The trail: The Old Towne Parkway lies inside a 1.6-mile stretch of Rock Creek Canyon as the creek cuts through southwest Twin Falls. Thanks to an enormous canyon-cleanup effort by volunteers in the 1990s, this shady, quiet trail offers a rare urban retreat.
The experience: The wide, paved trail meanders along tree-lined Rock Creek, punctuated with benches. The canyon is narrow here, but brush is cut well back from the path and grasses are mowed in wide swaths on both sides. Occasionally the canyon widens enough for big grassy areas and picnic tables.
Fences and factories are visible on the canyon rim, and you may hear trains and industrial equipment above. But you can lower your sights and lose yourself in birdsong, gurgling water and the laughter of kids with bicycles and fishing poles. Deer and ducks frequent the canyon.
The trail’s drawbacks are graffiti, trash, occasional unsavory odors and no drinking fountains. And it’s advisable to stay off the canyon’s crumbling rock walls, where some rusty remnants of Rock Creek’s less-than-pristine past remain.
Where to park: Of the trail’s four access points, the one on Blake Street South (between Third Avenue West and DeLong Avenue) is the most welcoming, thanks to a patch of tended lawn and a portable toilet. The small, paved parking lot here means wheelchairs and walkers don’t have to negotiate dirt or gravel to reach the trail.
At wet times of year, trailhead parking can be muddy at the end of Bracken Street (south of Addison Avenue West), and you’ll find space for only a couple of vehicles.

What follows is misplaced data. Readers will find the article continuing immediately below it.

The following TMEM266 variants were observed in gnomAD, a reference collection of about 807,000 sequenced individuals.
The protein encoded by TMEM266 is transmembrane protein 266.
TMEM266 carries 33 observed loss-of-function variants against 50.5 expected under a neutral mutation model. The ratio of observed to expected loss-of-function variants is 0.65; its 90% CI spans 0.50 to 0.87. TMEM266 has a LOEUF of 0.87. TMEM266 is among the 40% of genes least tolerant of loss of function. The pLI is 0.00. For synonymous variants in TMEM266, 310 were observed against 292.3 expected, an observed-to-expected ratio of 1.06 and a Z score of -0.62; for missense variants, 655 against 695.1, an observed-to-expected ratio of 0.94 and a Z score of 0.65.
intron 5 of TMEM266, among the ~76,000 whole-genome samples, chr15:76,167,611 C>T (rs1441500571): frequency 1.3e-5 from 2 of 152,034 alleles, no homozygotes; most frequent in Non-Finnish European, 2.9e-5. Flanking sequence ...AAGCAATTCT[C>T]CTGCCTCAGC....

You might encounter parking lot mud at the trailhead beside the Twin Falls Parks and Recreation Department on Maxwell Avenue, too. But parking is plentiful, and the trail’s only other portable toilet is there.
Another access point, near the intersection of Fifth Avenue West and Washington Street, is hard to find. Look for a gravel driveway disappearing behind Superior Woodworking’s big, yellow industrial building. Don’t park in the large gravel lot beside that building; instead, follow the driveway down to a couple of spaces directly beside the trailhead.
No matter which access point you choose, exiting the canyon means a climb. But long, paved grades let you do it gradually.
Notes: The Old Towne Parkway is closed from sunset to sunrise.
Canyon solitude with park comforts
The trail: A paved trail on the canyon floor connects popular, well-maintained Rock Creek Park with its companion RV park and follows the creek downstream.
Where to park: The two county-owned parks at the heart of this pretty trail mean you can drive right down into the canyon to start your stroll, with the amenities of a developed park close at hand.